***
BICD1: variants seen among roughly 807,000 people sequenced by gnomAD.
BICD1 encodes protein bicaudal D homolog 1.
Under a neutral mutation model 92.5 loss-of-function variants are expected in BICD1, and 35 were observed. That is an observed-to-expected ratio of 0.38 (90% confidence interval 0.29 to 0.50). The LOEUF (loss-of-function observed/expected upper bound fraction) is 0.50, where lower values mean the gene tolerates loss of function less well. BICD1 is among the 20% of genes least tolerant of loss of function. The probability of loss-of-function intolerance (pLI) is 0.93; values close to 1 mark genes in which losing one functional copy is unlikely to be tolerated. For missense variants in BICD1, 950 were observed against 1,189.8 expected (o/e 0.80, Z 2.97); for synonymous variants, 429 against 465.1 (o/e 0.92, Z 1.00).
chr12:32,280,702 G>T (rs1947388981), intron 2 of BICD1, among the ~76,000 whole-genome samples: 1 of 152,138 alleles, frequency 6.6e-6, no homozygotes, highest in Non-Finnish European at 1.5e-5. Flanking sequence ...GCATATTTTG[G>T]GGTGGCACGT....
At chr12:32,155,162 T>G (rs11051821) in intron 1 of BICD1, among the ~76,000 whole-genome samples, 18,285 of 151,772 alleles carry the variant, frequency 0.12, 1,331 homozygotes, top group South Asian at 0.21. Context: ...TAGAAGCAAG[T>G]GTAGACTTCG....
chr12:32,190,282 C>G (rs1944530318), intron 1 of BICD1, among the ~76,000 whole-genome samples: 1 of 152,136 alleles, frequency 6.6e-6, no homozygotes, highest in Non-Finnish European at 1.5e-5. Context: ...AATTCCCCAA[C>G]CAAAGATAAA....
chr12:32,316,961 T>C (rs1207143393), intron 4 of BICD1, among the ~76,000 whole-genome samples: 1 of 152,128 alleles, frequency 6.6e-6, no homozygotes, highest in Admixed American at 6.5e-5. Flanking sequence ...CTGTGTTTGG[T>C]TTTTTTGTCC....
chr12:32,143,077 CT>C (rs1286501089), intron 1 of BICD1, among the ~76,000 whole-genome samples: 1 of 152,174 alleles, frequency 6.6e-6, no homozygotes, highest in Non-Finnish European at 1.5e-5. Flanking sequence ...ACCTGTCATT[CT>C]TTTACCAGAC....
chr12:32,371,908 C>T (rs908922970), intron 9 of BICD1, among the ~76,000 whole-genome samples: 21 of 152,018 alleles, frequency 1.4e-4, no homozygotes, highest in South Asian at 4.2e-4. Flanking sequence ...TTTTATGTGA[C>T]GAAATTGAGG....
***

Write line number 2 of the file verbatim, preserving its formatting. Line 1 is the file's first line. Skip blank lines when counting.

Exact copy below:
BICD1 encodes protein bicaudal D homolog 1.